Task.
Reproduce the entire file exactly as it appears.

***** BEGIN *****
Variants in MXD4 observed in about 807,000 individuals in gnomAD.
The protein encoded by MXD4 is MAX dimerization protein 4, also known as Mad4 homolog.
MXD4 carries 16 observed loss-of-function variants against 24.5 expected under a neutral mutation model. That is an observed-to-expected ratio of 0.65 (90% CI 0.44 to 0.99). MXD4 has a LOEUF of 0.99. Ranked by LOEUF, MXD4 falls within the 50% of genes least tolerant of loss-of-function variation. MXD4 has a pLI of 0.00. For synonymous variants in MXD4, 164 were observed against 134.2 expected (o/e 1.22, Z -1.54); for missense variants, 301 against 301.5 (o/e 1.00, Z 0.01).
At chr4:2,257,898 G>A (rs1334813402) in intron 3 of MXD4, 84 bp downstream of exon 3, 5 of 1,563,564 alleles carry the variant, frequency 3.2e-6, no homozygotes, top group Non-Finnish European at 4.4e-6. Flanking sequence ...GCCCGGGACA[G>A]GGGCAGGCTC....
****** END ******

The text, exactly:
Variants in MXD4 observed in about 807,000 individuals in gnomAD.
The protein encoded by MXD4 is MAX dimerization protein 4, also known as Mad4 homolog.
MXD4 carries 16 observed loss-of-function variants against 24.5 expected under a neutral mutation model. That is an observed-to-expected ratio of 0.65 (90% CI 0.44 to 0.99). MXD4 has a LOEUF of 0.99. Ranked by LOEUF, MXD4 falls within the 50% of genes least tolerant of loss-of-function variation. MXD4 has a pLI of 0.00. For synonymous variants in MXD4, 164 were observed against 134.2 expected (o/e 1.22, Z -1.54); for missense variants, 301 against 301.5 (o/e 1.00, Z 0.01).
At chr4:2,257,898 G>A (rs1334813402) in intron 3 of MXD4, 84 bp downstream of exon 3, 5 of 1,563,564 alleles carry the variant, frequency 3.2e-6, no homozygotes, top group Non-Finnish European at 4.4e-6. Flanking sequence ...GCCCGGGACA[G>A]GGGCAGGCTC....